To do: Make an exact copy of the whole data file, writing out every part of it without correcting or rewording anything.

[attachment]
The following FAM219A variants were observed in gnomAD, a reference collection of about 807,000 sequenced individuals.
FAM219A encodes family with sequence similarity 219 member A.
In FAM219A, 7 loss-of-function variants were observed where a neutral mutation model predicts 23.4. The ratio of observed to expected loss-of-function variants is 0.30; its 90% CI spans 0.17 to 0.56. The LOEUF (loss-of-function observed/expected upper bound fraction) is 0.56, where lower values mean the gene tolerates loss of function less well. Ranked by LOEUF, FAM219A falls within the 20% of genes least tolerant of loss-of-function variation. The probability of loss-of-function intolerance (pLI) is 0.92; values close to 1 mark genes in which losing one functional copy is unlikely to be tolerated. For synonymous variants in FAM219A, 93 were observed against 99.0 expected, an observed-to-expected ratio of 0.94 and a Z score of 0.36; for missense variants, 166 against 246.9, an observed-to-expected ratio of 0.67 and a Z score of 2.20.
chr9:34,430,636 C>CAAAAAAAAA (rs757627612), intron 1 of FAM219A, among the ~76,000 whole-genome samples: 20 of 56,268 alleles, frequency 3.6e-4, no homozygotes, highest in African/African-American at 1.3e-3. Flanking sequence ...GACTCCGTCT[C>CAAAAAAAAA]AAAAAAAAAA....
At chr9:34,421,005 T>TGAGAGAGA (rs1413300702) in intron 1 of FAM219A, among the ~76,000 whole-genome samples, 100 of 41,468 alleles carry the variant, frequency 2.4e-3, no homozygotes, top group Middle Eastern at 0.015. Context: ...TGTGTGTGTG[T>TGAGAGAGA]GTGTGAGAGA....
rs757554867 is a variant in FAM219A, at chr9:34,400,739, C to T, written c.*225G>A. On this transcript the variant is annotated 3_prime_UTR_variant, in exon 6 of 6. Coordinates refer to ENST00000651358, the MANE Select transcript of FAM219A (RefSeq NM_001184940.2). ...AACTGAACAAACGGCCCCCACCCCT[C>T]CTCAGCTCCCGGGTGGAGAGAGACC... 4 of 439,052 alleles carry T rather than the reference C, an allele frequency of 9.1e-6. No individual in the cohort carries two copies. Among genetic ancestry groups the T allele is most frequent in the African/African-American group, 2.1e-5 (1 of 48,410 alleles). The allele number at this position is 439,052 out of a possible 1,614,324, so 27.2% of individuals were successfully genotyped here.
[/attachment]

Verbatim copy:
The following FAM219A variants were observed in gnomAD, a reference collection of about 807,000 sequenced individuals.
FAM219A encodes family with sequence similarity 219 member A.
In FAM219A, 7 loss-of-function variants were observed where a neutral mutation model predicts 23.4. The ratio of observed to expected loss-of-function variants is 0.30; its 90% CI spans 0.17 to 0.56. The LOEUF (loss-of-function observed/expected upper bound fraction) is 0.56, where lower values mean the gene tolerates loss of function less well. Ranked by LOEUF, FAM219A falls within the 20% of genes least tolerant of loss-of-function variation. The probability of loss-of-function intolerance (pLI) is 0.92; values close to 1 mark genes in which losing one functional copy is unlikely to be tolerated. For synonymous variants in FAM219A, 93 were observed against 99.0 expected, an observed-to-expected ratio of 0.94 and a Z score of 0.36; for missense variants, 166 against 246.9, an observed-to-expected ratio of 0.67 and a Z score of 2.20.
chr9:34,430,636 C>CAAAAAAAAA (rs757627612), intron 1 of FAM219A, among the ~76,000 whole-genome samples: 20 of 56,268 alleles, frequency 3.6e-4, no homozygotes, highest in African/African-American at 1.3e-3. Flanking sequence ...GACTCCGTCT[C>CAAAAAAAAA]AAAAAAAAAA....
At chr9:34,421,005 T>TGAGAGAGA (rs1413300702) in intron 1 of FAM219A, among the ~76,000 whole-genome samples, 100 of 41,468 alleles carry the variant, frequency 2.4e-3, no homozygotes, top group Middle Eastern at 0.015. Context: ...TGTGTGTGTG[T>TGAGAGAGA]GTGTGAGAGA....
rs757554867 is a variant in FAM219A, at chr9:34,400,739, C to T, written c.*225G>A. On this transcript the variant is annotated 3_prime_UTR_variant, in exon 6 of 6. Coordinates refer to ENST00000651358, the MANE Select transcript of FAM219A (RefSeq NM_001184940.2). ...AACTGAACAAACGGCCCCCACCCCT[C>T]CTCAGCTCCCGGGTGGAGAGAGACC... 4 of 439,052 alleles carry T rather than the reference C, an allele frequency of 9.1e-6. No individual in the cohort carries two copies. Among genetic ancestry groups the T allele is most frequent in the African/African-American group, 2.1e-5 (1 of 48,410 alleles). The allele number at this position is 439,052 out of a possible 1,614,324, so 27.2% of individuals were successfully genotyped here.